Today’s post comes from Jacque.
The trip to Ireland is a week and a half behind me now, which allows the fog to clear as routine life, my real life, resumes. As I reflect on the trip the highlights are emerging from the distance of time and place. One of the highlights is the County Down Museum for which there was no admission fee, a small facility located in the building that lodged the county gaol and gallows during the 19th Century. Two wings of it display artifacts of the area reaching back to pre-Christian times.
The part that interested me, though, was the exhibit about the gaol, especially the display about the women, arrested for “crimes,” then sentenced to life in Australia. I have included the pictures of the narratives, telling of the women, children, and families transported for crimes. You will see that their crimes were crimes of poverty and survival, often preceded by the husbands and fathers of a family being arrested and sent off to Australia. That left a desperate family with no financial support.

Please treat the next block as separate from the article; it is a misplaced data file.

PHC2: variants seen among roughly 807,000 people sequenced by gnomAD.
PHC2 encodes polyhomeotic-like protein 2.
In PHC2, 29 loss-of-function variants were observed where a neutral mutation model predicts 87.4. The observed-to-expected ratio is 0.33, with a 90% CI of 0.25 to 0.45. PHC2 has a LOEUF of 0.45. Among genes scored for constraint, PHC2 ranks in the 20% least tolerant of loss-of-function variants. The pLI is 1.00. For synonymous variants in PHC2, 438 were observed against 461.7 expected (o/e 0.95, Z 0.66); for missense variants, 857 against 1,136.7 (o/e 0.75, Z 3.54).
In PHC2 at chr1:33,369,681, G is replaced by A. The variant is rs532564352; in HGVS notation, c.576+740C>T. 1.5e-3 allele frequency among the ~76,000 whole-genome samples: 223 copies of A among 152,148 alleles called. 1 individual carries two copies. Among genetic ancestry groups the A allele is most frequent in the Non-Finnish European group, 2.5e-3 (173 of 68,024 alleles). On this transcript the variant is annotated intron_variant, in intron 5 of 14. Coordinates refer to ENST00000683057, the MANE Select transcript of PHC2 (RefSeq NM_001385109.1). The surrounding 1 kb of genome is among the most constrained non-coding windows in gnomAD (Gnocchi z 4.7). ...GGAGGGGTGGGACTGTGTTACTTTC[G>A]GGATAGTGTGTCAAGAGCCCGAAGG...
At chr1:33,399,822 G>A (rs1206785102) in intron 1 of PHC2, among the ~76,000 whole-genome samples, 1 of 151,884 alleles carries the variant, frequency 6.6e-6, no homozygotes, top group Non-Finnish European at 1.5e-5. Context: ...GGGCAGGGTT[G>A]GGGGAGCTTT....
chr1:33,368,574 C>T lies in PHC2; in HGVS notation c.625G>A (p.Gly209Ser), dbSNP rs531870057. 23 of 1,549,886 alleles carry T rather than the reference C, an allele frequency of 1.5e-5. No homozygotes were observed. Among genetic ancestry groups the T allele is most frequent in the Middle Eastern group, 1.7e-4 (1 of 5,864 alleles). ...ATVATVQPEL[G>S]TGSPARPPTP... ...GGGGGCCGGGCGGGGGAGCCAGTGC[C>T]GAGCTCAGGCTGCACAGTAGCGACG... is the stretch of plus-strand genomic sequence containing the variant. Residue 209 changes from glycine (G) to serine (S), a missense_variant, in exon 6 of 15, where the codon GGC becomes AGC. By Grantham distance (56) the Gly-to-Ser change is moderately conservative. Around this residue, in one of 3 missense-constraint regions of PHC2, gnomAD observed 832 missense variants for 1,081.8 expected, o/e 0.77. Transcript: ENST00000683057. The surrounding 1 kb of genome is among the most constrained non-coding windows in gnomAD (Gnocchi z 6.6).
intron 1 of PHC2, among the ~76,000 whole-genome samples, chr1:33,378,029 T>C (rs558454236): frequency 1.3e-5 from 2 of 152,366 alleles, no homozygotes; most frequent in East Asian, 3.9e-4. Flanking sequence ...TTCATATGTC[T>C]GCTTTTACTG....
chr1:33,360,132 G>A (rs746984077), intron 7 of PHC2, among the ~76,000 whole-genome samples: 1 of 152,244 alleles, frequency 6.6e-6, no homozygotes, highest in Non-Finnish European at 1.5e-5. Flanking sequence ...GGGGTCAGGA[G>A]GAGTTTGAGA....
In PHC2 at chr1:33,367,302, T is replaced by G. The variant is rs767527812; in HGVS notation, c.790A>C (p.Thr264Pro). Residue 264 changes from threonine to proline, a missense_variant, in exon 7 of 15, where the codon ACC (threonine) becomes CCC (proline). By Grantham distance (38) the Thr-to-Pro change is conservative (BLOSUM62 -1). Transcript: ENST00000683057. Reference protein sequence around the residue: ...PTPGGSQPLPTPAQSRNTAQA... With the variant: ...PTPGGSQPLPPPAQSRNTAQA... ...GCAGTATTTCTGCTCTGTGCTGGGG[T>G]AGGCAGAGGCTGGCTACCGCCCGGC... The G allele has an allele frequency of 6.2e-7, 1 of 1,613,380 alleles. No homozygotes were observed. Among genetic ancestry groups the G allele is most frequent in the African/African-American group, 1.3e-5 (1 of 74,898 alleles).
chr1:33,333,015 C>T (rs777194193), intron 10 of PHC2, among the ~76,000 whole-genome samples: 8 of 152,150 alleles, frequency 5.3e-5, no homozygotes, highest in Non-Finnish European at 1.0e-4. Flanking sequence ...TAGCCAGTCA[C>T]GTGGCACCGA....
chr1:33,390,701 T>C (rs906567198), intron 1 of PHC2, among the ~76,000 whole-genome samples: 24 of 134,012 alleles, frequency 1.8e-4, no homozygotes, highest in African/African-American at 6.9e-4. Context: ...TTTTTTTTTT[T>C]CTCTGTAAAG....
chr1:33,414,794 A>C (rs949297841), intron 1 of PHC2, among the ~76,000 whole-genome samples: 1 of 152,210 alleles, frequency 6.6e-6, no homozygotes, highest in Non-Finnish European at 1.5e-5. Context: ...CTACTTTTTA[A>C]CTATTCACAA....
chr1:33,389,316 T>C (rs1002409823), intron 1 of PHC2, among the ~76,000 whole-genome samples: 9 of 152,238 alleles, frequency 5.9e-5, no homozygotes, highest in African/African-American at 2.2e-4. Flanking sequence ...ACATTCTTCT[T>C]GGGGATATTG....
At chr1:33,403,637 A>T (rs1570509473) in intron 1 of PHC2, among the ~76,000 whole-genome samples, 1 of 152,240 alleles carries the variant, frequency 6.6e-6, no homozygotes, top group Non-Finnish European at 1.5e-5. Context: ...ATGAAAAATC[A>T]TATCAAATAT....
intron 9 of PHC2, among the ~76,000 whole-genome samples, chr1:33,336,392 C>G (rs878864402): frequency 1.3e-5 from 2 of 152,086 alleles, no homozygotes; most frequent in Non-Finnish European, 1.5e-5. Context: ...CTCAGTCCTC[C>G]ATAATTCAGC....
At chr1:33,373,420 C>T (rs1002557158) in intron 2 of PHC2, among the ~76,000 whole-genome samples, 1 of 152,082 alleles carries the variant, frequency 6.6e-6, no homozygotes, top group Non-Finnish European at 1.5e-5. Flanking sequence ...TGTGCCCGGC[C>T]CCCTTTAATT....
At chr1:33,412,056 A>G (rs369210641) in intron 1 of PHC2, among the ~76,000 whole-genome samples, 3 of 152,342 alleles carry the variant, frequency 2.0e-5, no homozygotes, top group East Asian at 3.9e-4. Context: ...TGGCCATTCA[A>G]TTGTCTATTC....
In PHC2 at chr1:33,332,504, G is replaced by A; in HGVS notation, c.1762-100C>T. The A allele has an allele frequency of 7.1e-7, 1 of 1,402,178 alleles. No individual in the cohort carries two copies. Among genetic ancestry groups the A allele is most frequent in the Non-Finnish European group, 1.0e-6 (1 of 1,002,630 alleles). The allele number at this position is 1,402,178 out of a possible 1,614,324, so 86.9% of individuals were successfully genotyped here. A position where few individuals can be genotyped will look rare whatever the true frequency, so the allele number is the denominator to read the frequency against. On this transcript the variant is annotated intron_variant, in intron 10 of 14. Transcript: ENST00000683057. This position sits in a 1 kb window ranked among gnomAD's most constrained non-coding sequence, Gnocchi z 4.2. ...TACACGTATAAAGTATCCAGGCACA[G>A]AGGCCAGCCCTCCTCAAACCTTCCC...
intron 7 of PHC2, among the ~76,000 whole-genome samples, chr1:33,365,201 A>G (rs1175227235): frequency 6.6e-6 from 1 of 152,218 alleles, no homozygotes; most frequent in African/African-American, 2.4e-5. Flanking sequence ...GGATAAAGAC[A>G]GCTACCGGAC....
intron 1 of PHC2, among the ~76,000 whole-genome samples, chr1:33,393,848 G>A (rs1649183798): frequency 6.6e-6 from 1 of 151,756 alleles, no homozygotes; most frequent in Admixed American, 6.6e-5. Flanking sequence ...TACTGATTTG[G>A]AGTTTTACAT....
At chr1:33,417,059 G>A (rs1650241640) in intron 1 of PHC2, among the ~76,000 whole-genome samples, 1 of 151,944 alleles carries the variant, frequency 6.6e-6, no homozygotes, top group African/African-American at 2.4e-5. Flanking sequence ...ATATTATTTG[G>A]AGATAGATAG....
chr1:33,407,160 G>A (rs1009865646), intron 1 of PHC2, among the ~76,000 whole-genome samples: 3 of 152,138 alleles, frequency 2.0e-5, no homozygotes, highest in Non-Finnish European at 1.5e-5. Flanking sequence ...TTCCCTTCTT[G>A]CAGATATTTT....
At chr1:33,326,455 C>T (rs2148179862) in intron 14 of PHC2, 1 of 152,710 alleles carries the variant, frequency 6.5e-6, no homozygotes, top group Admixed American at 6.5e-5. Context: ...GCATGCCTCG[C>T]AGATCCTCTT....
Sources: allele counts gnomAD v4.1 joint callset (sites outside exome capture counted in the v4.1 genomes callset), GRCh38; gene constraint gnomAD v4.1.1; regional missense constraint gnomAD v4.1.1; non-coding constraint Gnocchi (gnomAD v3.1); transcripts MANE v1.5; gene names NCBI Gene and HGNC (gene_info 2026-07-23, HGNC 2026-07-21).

Down a narrow hall from the main exhibits was a reproduced gaol cell holding women and children, including the one pallet to be used as a bed and shared by all in the cell. It was cold and dank and surely cleaner than the ones used 200 years ago. I looked at it and shuddered. I have seen exhibits similar to this before. What made this one so meaningful to me, what set this apart significantly, was the display of nineteenth century bonnets re-created in the styles of the time.
The arrays of bonnets, embellished and decorated with scraps of fabric, embroidered hearts, lace, and ribbons were so lovely. Representing these women without being creepy, I found the bonnets to be the perfect symbol of the lives of these women. The beauty of this has stayed with me. I keep returning to the picture of the bonnets to show others, to look at and study, to savor. I find it a pleasing, perfect memory. Ideal.
What ideal symbol have you encountered?